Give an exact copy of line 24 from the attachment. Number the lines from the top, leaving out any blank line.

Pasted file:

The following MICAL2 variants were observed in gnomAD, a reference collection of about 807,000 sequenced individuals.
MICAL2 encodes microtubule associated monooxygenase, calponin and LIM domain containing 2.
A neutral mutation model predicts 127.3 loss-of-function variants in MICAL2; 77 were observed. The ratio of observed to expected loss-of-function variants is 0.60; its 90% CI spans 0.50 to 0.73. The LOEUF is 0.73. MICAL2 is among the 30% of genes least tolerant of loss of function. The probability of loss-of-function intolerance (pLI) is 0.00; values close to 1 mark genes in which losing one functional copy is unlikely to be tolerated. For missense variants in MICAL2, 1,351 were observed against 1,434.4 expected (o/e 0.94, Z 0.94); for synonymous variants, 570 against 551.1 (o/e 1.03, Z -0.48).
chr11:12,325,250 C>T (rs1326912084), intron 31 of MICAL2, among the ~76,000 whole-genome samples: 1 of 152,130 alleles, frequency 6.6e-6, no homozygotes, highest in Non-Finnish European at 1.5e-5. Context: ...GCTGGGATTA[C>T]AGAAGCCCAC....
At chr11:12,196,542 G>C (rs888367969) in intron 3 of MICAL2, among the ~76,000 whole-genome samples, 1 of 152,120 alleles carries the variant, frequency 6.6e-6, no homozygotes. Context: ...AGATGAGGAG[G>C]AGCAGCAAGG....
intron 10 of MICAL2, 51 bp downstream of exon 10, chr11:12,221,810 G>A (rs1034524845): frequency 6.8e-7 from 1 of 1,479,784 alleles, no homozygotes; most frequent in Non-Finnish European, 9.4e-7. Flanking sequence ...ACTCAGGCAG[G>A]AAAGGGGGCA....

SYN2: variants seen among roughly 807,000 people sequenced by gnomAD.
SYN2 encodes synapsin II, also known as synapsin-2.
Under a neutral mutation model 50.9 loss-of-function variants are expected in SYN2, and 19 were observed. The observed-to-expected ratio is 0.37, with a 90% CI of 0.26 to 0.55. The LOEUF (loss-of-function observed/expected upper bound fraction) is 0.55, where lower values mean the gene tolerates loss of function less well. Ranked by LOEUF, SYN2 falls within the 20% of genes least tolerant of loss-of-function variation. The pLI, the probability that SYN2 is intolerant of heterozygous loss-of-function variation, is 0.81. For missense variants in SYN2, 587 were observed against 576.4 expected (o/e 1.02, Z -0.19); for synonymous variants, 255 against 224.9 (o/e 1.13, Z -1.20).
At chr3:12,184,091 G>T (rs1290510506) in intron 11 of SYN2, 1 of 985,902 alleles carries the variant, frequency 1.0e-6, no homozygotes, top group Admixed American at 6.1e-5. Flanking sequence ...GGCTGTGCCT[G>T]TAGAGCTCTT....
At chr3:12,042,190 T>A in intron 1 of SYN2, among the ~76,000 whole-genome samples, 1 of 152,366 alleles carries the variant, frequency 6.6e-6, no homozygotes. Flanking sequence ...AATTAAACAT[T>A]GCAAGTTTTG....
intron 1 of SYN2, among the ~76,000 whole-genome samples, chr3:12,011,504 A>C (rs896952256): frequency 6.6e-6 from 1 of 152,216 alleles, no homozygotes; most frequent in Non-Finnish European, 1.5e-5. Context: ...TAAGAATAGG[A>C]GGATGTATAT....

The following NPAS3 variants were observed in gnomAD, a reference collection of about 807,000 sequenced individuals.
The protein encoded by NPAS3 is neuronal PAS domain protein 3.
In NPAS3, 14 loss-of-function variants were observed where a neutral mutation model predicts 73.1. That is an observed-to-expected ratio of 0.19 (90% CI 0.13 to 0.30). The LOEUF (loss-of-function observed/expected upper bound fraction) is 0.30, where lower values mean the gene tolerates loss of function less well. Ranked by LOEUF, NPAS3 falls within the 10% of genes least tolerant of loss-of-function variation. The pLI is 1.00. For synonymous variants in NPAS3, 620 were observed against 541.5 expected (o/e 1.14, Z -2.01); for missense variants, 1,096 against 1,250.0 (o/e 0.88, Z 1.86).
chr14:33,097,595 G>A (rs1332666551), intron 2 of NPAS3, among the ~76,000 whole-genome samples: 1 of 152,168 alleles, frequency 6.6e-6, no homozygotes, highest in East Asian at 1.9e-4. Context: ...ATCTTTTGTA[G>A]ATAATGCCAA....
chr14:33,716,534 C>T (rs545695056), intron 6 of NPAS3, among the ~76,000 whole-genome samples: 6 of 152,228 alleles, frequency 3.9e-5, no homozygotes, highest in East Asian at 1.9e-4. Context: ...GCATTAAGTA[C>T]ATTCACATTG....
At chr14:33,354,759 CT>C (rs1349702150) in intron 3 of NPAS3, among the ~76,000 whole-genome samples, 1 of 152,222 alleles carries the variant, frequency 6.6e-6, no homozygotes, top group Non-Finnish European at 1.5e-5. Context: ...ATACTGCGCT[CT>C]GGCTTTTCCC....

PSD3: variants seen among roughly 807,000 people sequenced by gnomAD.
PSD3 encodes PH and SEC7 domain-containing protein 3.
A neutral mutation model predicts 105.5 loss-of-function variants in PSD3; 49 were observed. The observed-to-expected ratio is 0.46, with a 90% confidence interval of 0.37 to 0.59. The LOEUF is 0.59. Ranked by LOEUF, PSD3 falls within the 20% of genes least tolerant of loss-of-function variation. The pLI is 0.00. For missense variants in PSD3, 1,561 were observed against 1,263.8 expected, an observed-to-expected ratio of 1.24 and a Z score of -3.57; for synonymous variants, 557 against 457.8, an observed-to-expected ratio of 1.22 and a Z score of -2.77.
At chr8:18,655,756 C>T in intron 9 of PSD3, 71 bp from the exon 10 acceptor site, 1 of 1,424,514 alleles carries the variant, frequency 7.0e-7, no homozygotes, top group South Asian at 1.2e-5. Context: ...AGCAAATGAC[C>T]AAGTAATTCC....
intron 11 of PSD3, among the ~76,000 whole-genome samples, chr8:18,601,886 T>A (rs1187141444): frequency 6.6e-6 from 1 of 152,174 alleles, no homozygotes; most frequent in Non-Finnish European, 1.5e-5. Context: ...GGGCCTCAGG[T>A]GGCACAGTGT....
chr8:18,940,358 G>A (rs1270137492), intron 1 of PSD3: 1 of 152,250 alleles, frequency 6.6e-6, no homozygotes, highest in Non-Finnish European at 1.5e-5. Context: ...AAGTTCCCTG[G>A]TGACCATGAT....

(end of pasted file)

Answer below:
chr8:18,940,358 G>A (rs1270137492), intron 1 of PSD3: 1 of 152,250 alleles, frequency 6.6e-6, no homozygotes, highest in Non-Finnish European at 1.5e-5. Context: ...AAGTTCCCTG[G>A]TGACCATGAT....